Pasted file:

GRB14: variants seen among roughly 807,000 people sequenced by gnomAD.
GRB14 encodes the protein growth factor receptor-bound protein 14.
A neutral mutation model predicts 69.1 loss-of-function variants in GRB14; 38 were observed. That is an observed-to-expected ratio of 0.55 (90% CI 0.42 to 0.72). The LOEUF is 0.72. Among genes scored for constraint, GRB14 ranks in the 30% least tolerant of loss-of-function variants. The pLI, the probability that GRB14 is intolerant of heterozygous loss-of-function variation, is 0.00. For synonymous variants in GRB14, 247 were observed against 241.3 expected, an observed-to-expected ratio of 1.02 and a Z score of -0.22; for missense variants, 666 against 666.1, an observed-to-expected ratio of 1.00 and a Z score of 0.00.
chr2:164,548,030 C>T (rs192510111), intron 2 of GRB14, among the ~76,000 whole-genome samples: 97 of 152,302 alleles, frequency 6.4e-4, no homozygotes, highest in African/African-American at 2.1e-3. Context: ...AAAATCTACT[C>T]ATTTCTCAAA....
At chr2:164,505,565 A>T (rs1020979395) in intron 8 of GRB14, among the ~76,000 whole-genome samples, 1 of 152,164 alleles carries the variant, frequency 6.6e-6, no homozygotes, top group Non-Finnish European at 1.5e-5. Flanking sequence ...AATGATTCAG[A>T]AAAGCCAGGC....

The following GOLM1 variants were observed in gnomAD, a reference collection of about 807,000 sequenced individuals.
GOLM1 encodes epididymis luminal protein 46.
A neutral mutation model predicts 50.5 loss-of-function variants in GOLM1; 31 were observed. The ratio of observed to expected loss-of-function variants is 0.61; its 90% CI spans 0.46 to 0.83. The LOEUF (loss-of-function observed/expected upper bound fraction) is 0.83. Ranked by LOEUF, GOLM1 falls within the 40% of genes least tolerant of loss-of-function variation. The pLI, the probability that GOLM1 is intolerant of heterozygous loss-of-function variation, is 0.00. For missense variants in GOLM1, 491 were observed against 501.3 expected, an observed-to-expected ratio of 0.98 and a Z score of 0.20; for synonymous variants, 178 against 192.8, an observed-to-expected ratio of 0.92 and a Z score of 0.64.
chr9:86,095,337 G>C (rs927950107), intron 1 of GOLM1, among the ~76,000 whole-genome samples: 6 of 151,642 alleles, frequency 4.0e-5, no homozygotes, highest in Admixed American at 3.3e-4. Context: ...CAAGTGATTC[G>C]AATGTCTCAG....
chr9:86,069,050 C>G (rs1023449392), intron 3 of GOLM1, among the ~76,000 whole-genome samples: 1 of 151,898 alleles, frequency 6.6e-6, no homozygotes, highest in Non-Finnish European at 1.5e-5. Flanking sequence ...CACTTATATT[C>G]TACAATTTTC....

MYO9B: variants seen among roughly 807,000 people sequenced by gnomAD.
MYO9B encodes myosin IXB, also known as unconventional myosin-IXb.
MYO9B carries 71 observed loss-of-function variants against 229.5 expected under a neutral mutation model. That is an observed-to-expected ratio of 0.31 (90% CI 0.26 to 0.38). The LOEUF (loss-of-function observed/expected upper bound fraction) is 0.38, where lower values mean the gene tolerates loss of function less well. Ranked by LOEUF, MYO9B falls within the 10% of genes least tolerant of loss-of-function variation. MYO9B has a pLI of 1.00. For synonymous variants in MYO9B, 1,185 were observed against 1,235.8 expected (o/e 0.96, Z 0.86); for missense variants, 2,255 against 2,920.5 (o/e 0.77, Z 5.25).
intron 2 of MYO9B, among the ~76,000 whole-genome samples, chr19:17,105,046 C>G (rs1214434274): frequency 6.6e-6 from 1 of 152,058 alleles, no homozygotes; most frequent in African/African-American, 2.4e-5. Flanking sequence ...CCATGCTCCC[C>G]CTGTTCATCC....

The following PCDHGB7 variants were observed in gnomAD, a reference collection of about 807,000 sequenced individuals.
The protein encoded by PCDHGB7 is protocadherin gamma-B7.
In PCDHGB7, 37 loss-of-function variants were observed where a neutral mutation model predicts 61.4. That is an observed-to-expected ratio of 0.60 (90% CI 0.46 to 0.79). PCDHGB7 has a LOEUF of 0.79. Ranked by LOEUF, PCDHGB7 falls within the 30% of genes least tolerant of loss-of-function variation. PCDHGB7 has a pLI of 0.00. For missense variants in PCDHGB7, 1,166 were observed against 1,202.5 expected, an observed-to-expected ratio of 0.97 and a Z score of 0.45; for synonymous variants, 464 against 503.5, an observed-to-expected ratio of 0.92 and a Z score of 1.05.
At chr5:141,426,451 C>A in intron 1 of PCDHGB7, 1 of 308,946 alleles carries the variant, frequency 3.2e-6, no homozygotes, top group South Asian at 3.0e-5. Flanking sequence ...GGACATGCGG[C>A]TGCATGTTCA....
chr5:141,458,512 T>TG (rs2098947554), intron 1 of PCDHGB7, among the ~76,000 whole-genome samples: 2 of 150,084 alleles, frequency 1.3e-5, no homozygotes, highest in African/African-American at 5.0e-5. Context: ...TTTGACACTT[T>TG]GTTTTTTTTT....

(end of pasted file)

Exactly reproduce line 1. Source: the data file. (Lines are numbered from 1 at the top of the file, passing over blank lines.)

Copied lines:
GRB14: variants seen among roughly 807,000 people sequenced by gnomAD.